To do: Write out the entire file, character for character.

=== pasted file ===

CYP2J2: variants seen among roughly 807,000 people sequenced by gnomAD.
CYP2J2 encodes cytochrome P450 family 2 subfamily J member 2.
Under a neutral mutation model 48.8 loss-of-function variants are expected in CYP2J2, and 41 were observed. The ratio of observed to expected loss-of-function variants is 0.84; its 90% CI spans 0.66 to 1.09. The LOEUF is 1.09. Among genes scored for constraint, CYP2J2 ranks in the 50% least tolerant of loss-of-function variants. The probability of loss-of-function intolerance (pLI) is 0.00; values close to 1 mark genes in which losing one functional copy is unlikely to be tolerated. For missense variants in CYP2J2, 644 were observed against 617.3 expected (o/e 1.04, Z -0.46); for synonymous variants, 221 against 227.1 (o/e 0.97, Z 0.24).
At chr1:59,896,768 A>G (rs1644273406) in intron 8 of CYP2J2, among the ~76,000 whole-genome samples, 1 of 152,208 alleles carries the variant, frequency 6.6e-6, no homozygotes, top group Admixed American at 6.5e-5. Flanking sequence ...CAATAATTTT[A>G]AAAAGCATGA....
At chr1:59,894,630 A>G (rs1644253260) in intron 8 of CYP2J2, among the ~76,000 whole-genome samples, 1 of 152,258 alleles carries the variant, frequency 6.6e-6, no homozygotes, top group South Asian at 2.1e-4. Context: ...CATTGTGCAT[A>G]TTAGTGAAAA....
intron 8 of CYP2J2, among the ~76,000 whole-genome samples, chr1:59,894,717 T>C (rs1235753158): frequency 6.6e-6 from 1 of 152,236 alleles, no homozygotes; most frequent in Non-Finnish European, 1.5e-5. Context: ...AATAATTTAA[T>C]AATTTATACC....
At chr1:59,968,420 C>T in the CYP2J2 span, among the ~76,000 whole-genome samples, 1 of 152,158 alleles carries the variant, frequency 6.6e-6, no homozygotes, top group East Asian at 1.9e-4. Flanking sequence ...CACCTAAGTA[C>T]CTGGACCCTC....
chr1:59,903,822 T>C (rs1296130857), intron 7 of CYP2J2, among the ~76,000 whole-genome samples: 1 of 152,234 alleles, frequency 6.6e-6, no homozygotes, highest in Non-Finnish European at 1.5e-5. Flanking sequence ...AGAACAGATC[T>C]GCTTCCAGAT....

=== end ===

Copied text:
CYP2J2: variants seen among roughly 807,000 people sequenced by gnomAD.
CYP2J2 encodes cytochrome P450 family 2 subfamily J member 2.
Under a neutral mutation model 48.8 loss-of-function variants are expected in CYP2J2, and 41 were observed. The ratio of observed to expected loss-of-function variants is 0.84; its 90% CI spans 0.66 to 1.09. The LOEUF is 1.09. Among genes scored for constraint, CYP2J2 ranks in the 50% least tolerant of loss-of-function variants. The probability of loss-of-function intolerance (pLI) is 0.00; values close to 1 mark genes in which losing one functional copy is unlikely to be tolerated. For missense variants in CYP2J2, 644 were observed against 617.3 expected (o/e 1.04, Z -0.46); for synonymous variants, 221 against 227.1 (o/e 0.97, Z 0.24).
At chr1:59,896,768 A>G (rs1644273406) in intron 8 of CYP2J2, among the ~76,000 whole-genome samples, 1 of 152,208 alleles carries the variant, frequency 6.6e-6, no homozygotes, top group Admixed American at 6.5e-5. Flanking sequence ...CAATAATTTT[A>G]AAAAGCATGA....
At chr1:59,894,630 A>G (rs1644253260) in intron 8 of CYP2J2, among the ~76,000 whole-genome samples, 1 of 152,258 alleles carries the variant, frequency 6.6e-6, no homozygotes, top group South Asian at 2.1e-4. Context: ...CATTGTGCAT[A>G]TTAGTGAAAA....
intron 8 of CYP2J2, among the ~76,000 whole-genome samples, chr1:59,894,717 T>C (rs1235753158): frequency 6.6e-6 from 1 of 152,236 alleles, no homozygotes; most frequent in Non-Finnish European, 1.5e-5. Context: ...AATAATTTAA[T>C]AATTTATACC....
At chr1:59,968,420 C>T in the CYP2J2 span, among the ~76,000 whole-genome samples, 1 of 152,158 alleles carries the variant, frequency 6.6e-6, no homozygotes, top group East Asian at 1.9e-4. Flanking sequence ...CACCTAAGTA[C>T]CTGGACCCTC....
chr1:59,903,822 T>C (rs1296130857), intron 7 of CYP2J2, among the ~76,000 whole-genome samples: 1 of 152,234 alleles, frequency 6.6e-6, no homozygotes, highest in Non-Finnish European at 1.5e-5. Flanking sequence ...AGAACAGATC[T>C]GCTTCCAGAT....